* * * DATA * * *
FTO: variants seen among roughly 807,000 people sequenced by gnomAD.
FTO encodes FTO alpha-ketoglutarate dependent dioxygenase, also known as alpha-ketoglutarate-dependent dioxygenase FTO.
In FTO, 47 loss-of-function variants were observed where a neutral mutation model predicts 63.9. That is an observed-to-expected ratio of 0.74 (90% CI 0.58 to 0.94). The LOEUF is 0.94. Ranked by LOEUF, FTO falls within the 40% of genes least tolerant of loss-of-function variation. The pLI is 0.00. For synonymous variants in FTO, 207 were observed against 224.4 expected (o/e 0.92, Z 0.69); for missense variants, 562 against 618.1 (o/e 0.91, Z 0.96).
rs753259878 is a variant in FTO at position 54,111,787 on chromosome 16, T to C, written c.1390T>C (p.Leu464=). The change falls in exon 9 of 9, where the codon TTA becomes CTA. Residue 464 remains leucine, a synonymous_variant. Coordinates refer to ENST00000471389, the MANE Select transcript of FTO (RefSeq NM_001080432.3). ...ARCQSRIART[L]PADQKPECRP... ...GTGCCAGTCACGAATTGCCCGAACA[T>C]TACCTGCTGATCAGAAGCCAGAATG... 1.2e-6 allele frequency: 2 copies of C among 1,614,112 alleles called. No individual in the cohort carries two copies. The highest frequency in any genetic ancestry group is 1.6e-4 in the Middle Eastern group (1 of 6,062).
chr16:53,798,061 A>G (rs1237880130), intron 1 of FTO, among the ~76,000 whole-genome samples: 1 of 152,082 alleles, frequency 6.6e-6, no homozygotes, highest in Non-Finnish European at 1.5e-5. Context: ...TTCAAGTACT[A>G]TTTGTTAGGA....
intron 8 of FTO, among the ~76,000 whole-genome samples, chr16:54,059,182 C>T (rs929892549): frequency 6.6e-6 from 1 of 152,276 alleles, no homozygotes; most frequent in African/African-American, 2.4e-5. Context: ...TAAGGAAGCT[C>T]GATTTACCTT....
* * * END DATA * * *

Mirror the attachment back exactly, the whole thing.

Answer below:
FTO: variants seen among roughly 807,000 people sequenced by gnomAD.
FTO encodes FTO alpha-ketoglutarate dependent dioxygenase, also known as alpha-ketoglutarate-dependent dioxygenase FTO.
In FTO, 47 loss-of-function variants were observed where a neutral mutation model predicts 63.9. That is an observed-to-expected ratio of 0.74 (90% CI 0.58 to 0.94). The LOEUF is 0.94. Ranked by LOEUF, FTO falls within the 40% of genes least tolerant of loss-of-function variation. The pLI is 0.00. For synonymous variants in FTO, 207 were observed against 224.4 expected (o/e 0.92, Z 0.69); for missense variants, 562 against 618.1 (o/e 0.91, Z 0.96).
rs753259878 is a variant in FTO at position 54,111,787 on chromosome 16, T to C, written c.1390T>C (p.Leu464=). The change falls in exon 9 of 9, where the codon TTA becomes CTA. Residue 464 remains leucine, a synonymous_variant. Coordinates refer to ENST00000471389, the MANE Select transcript of FTO (RefSeq NM_001080432.3). ...ARCQSRIART[L]PADQKPECRP... ...GTGCCAGTCACGAATTGCCCGAACA[T>C]TACCTGCTGATCAGAAGCCAGAATG... 1.2e-6 allele frequency: 2 copies of C among 1,614,112 alleles called. No individual in the cohort carries two copies. The highest frequency in any genetic ancestry group is 1.6e-4 in the Middle Eastern group (1 of 6,062).
chr16:53,798,061 A>G (rs1237880130), intron 1 of FTO, among the ~76,000 whole-genome samples: 1 of 152,082 alleles, frequency 6.6e-6, no homozygotes, highest in Non-Finnish European at 1.5e-5. Context: ...TTCAAGTACT[A>G]TTTGTTAGGA....
intron 8 of FTO, among the ~76,000 whole-genome samples, chr16:54,059,182 C>T (rs929892549): frequency 6.6e-6 from 1 of 152,276 alleles, no homozygotes; most frequent in African/African-American, 2.4e-5. Context: ...TAAGGAAGCT[C>T]GATTTACCTT....